The dictionary defines reaction as behaving with hostility, opposition or contrary course of action. Interestingly, the definition of response is replying or answering in words or action. The differences are subtle but important. How many times have you caught yourself reacting to your spouse, kids or co-workers rather than responding? Have you reacted with words like: “What kind of grades are theses? Why can’t you pull it together?” or “Yeah. Well. Life isn’t fair” or “I’m done”? Instead of responding with comments such as: “You seem to be struggling with your studies. Let’s see if we can figure something out” or “I know the situation isn’t what you would like. Do you want to talk about it?” or “I’m frustrated right now. I’m gonna take a time out”. Choosing to respond rather than react is tough. It requires self-control over our thoughts and our tongues. But the reduction in tears and tension, broken hearts and broken relationships is worth the effort of learning how to build that self-discipline.
Here are a few quick tips to help you respond.
- Deep breaths really do help reduce tension. Take time to breathe deeply and collect your thoughts BEFORE speaking.
- Take a personal time out. This can give you time to really think about what you want or need and how to deliver that with care and compassion.
- Walk a mile in their How might your child, spouse or co-worker be feeling in this circumstance? Examining other perspectives often changes our own.
If you find you are still struggling with angry responses and would like to talk it through, give us a call.
If you or someone you know is having suicidal thoughts, please call the National Suicide Prevention Lifeline call 1-800-273-8255
“The thief comes only to steal and kill and destroy; I came that they may have life, and have it abundantly” (John 10:10 NASB)
We got a brick. Not just any brick but a special brick. Some of you may have done the same thing. It was the Summer Olympics of 1996. It was a fundraising opportunity for the Olympics and you could inscribe anything you wanted on this brick, as long as it was no more than 10 characters. The brick is still there in Centennial Park. What do you put on a brick that’s going to have your name and a phrase on it for decades to come?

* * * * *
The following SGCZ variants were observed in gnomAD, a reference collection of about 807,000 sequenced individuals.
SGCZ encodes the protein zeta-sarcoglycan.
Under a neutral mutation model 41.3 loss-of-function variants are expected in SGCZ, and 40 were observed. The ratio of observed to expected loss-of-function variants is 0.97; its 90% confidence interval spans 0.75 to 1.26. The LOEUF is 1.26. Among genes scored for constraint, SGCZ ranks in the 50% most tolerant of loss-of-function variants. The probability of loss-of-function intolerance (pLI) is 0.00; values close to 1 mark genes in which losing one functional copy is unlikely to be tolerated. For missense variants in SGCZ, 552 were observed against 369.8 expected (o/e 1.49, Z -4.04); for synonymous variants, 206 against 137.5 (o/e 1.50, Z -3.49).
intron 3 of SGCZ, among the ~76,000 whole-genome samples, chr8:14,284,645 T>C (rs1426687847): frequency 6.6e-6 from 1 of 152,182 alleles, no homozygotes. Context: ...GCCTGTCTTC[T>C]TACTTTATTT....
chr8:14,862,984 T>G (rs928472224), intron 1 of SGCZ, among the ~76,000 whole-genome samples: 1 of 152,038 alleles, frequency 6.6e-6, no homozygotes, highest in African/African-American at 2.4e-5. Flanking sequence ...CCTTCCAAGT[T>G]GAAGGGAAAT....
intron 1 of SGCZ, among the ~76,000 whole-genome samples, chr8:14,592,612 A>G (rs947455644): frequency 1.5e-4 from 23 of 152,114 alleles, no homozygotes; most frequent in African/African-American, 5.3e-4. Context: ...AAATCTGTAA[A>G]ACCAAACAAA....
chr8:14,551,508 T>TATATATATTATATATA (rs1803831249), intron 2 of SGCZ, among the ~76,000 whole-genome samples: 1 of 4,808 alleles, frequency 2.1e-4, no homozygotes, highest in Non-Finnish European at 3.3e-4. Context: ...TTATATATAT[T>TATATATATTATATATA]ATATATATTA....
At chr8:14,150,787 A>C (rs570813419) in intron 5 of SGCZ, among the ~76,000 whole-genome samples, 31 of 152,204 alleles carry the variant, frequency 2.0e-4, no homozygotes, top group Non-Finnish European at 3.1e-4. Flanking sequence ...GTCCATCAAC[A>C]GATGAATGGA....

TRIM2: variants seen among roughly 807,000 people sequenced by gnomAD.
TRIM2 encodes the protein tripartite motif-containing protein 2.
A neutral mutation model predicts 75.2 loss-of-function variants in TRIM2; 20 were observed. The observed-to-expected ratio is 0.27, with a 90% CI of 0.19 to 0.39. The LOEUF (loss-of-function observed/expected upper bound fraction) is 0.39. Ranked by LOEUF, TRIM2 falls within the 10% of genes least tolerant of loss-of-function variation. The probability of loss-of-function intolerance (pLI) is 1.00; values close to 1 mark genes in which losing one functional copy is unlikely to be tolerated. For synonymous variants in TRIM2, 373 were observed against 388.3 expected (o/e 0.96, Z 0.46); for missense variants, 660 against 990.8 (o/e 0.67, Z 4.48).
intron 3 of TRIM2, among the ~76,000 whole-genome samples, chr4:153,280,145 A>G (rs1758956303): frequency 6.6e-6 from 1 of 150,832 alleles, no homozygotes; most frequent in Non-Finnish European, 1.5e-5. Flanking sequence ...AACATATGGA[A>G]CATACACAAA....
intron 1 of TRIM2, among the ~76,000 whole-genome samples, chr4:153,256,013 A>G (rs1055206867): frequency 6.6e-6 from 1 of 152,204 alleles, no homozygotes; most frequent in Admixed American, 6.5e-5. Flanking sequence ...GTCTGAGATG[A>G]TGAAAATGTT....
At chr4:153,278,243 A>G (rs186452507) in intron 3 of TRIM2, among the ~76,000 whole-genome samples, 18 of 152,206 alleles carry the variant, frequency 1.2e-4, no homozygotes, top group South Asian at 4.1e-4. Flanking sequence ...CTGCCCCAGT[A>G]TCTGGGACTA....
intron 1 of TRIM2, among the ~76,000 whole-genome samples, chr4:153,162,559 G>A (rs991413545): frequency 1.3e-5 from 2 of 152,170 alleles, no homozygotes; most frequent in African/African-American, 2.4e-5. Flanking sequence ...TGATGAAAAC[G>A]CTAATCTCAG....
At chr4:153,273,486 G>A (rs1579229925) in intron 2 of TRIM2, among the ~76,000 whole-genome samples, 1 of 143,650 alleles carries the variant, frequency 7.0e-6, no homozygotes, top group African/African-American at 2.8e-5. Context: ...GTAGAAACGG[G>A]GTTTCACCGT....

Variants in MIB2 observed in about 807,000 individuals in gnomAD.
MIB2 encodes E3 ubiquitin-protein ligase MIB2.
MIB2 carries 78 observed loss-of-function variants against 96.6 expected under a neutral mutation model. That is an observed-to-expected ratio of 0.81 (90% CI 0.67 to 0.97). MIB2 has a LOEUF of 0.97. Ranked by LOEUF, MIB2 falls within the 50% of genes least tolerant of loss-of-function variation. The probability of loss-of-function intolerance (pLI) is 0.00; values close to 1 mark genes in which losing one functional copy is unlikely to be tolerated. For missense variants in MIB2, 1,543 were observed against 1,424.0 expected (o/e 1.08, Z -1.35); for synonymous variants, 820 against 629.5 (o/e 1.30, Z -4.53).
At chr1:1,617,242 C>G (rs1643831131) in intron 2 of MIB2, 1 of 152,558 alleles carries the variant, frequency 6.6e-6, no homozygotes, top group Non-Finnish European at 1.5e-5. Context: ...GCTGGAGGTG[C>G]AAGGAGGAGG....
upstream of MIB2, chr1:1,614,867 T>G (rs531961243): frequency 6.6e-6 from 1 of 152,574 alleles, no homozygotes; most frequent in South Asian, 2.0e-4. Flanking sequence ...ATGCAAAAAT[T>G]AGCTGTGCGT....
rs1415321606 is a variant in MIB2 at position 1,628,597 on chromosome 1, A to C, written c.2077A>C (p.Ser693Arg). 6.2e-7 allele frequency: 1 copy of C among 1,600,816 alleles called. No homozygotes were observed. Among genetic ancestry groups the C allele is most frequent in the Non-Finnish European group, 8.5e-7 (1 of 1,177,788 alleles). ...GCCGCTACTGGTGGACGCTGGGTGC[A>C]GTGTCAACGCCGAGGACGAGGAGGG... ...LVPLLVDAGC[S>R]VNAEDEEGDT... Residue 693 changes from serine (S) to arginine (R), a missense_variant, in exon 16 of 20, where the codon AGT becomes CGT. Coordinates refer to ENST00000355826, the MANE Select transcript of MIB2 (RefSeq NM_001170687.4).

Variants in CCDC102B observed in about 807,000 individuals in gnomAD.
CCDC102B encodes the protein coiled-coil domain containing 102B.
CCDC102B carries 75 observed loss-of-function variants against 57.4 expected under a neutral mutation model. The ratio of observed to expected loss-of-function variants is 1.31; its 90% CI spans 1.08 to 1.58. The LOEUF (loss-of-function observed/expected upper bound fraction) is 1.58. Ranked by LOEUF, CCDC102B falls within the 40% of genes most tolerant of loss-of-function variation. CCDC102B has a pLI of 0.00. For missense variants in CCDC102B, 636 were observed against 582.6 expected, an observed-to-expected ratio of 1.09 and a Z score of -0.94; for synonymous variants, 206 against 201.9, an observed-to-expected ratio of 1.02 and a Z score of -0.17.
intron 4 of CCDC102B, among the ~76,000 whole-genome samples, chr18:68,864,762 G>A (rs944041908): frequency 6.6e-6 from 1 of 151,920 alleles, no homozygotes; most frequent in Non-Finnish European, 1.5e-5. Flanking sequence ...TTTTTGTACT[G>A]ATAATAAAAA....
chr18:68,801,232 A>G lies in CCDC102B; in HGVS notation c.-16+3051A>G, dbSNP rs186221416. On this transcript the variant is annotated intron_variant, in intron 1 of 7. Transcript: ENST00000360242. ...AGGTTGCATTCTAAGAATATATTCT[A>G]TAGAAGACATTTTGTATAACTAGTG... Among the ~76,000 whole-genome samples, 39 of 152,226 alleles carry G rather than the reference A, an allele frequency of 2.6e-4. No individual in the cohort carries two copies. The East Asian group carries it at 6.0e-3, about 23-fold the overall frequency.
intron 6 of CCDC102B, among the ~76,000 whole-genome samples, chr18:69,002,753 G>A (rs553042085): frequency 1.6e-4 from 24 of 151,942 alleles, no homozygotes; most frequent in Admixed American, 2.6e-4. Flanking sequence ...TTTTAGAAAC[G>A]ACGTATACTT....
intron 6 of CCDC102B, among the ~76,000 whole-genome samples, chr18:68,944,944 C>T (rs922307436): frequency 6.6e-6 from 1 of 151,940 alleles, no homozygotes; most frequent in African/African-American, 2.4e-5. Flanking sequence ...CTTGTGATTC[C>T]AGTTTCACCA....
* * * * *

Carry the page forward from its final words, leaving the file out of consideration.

We thought about “You ‘da man!” but it took too many spaces, besides I think that one’s been used before. Then we thought of abbreviating. MGIAAG “My God is an awesome God,” but only my wife Janet and I would’ve known what it meant. Then, only Janet would’ve known what it meant because, with my great memory, I would have forgotten.
We decided on Carpe Diem; short sweet and to the point. Isn’t that God’s desire for us, to seize the day? As I write this, several friends and friends of friends have died quite suddenly. One friend’s mother died at a restaurant. Another friend died quite suddenly of cancer leaving behind a wife and child. My sweet sister recently died in a car accident. You never know.
It’s got me thinking, how am I doing having that abundant life? Am I seizing the day? In our counseling situations, we often run into individuals that are paralyzed because of their past or are afraid of failure to the point they don’t move forward. I must admit, at times I struggle with the same issues. How many days, weeks, or even years are wasted because we are waiting for the right sequence of events to fall in place, to ensure success and not a failure? The reference in John says, “I came so that you might have life”. What does it mean to you to have a life? How would you define the second half of that verse, “to live it abundantly”?
Sometimes we’re so busy looking for that right sequence of events for that 100% guarantee, that we miss God speaking to us through the body of Christ. God has a plan for each of us. We are each gifted in unique and special ways. I believe part of having that abundant life is exercising those gifts He has given us.
What keeps you from seizing the day? For many of us it’s schedules and routines. We spend the majority of our time surviving, living from paycheck to paycheck trying to make ends meet. I believe one of the greatest ways that Satan undermines the family is through our schedules. It’s like that old story, “How do you boil a frog?” You put it in cold water and gradually turn the temperature up. As a result, the frog doesn’t notice the temperature change, but if you drop it in hot water, it’ll hop right out. I think in some ways, we’re the same. We’re ready for the frontal attacks of alcohol, drugs, pornography, etc. But we are not ready for the slow, gradual ways that our family can be undermined through our schedules and being overly committed.
Perhaps you have the same struggle that I do at times. How can I listen to the voice of God, if I’m not being still? Psalm 46:10 says, “Be still and know that I am God.” In closing, let me encourage you to examine your schedules and your life. Are you too busy, are you able to listen to God, are you able to be still?
Keith Niager LCSW